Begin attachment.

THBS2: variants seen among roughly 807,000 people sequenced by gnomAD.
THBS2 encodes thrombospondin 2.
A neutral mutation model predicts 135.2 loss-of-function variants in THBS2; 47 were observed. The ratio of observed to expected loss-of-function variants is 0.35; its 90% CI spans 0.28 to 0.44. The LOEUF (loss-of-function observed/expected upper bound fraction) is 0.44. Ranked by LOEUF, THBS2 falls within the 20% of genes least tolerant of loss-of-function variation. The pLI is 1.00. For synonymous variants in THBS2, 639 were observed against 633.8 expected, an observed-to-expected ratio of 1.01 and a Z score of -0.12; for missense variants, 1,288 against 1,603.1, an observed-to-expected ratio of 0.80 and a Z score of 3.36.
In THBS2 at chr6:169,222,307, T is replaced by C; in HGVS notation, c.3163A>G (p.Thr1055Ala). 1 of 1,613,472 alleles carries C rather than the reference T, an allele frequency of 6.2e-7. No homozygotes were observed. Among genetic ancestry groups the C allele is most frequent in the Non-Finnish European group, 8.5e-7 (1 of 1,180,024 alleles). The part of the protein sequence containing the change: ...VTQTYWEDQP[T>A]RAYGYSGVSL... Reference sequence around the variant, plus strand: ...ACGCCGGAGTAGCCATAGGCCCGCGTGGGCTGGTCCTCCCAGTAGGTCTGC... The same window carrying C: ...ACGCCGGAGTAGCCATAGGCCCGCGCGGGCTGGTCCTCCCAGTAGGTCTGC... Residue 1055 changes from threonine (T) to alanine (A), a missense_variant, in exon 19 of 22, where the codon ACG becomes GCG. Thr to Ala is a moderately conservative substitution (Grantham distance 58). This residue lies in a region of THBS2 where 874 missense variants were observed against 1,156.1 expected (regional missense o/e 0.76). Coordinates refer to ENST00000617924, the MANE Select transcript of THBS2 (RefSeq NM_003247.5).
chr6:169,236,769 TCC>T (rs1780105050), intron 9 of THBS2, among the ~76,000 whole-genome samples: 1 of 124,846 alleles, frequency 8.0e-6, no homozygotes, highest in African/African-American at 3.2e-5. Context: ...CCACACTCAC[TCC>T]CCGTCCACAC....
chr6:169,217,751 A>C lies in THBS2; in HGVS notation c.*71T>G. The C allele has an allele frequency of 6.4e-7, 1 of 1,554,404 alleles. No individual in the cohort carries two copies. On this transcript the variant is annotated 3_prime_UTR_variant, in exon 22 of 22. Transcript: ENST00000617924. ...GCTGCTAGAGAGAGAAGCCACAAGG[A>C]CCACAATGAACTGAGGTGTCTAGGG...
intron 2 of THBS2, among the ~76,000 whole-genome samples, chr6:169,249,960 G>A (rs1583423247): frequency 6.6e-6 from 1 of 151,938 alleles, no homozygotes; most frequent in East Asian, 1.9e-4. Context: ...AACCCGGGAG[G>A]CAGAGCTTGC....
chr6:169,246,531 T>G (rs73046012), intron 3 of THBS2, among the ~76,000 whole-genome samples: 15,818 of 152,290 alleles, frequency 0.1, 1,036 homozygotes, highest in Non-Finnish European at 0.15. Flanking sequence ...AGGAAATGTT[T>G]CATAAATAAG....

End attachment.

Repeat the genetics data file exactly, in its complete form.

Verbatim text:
THBS2: variants seen among roughly 807,000 people sequenced by gnomAD.
THBS2 encodes thrombospondin 2.
A neutral mutation model predicts 135.2 loss-of-function variants in THBS2; 47 were observed. The ratio of observed to expected loss-of-function variants is 0.35; its 90% CI spans 0.28 to 0.44. The LOEUF (loss-of-function observed/expected upper bound fraction) is 0.44. Ranked by LOEUF, THBS2 falls within the 20% of genes least tolerant of loss-of-function variation. The pLI is 1.00. For synonymous variants in THBS2, 639 were observed against 633.8 expected, an observed-to-expected ratio of 1.01 and a Z score of -0.12; for missense variants, 1,288 against 1,603.1, an observed-to-expected ratio of 0.80 and a Z score of 3.36.
In THBS2 at chr6:169,222,307, T is replaced by C; in HGVS notation, c.3163A>G (p.Thr1055Ala). 1 of 1,613,472 alleles carries C rather than the reference T, an allele frequency of 6.2e-7. No homozygotes were observed. Among genetic ancestry groups the C allele is most frequent in the Non-Finnish European group, 8.5e-7 (1 of 1,180,024 alleles). The part of the protein sequence containing the change: ...VTQTYWEDQP[T>A]RAYGYSGVSL... Reference sequence around the variant, plus strand: ...ACGCCGGAGTAGCCATAGGCCCGCGTGGGCTGGTCCTCCCAGTAGGTCTGC... The same window carrying C: ...ACGCCGGAGTAGCCATAGGCCCGCGCGGGCTGGTCCTCCCAGTAGGTCTGC... Residue 1055 changes from threonine (T) to alanine (A), a missense_variant, in exon 19 of 22, where the codon ACG becomes GCG. Thr to Ala is a moderately conservative substitution (Grantham distance 58). This residue lies in a region of THBS2 where 874 missense variants were observed against 1,156.1 expected (regional missense o/e 0.76). Coordinates refer to ENST00000617924, the MANE Select transcript of THBS2 (RefSeq NM_003247.5).
chr6:169,236,769 TCC>T (rs1780105050), intron 9 of THBS2, among the ~76,000 whole-genome samples: 1 of 124,846 alleles, frequency 8.0e-6, no homozygotes, highest in African/African-American at 3.2e-5. Context: ...CCACACTCAC[TCC>T]CCGTCCACAC....
chr6:169,217,751 A>C lies in THBS2; in HGVS notation c.*71T>G. The C allele has an allele frequency of 6.4e-7, 1 of 1,554,404 alleles. No individual in the cohort carries two copies. On this transcript the variant is annotated 3_prime_UTR_variant, in exon 22 of 22. Transcript: ENST00000617924. ...GCTGCTAGAGAGAGAAGCCACAAGG[A>C]CCACAATGAACTGAGGTGTCTAGGG...
intron 2 of THBS2, among the ~76,000 whole-genome samples, chr6:169,249,960 G>A (rs1583423247): frequency 6.6e-6 from 1 of 151,938 alleles, no homozygotes; most frequent in East Asian, 1.9e-4. Context: ...AACCCGGGAG[G>A]CAGAGCTTGC....
chr6:169,246,531 T>G (rs73046012), intron 3 of THBS2, among the ~76,000 whole-genome samples: 15,818 of 152,290 alleles, frequency 0.1, 1,036 homozygotes, highest in Non-Finnish European at 0.15. Flanking sequence ...AGGAAATGTT[T>G]CATAAATAAG....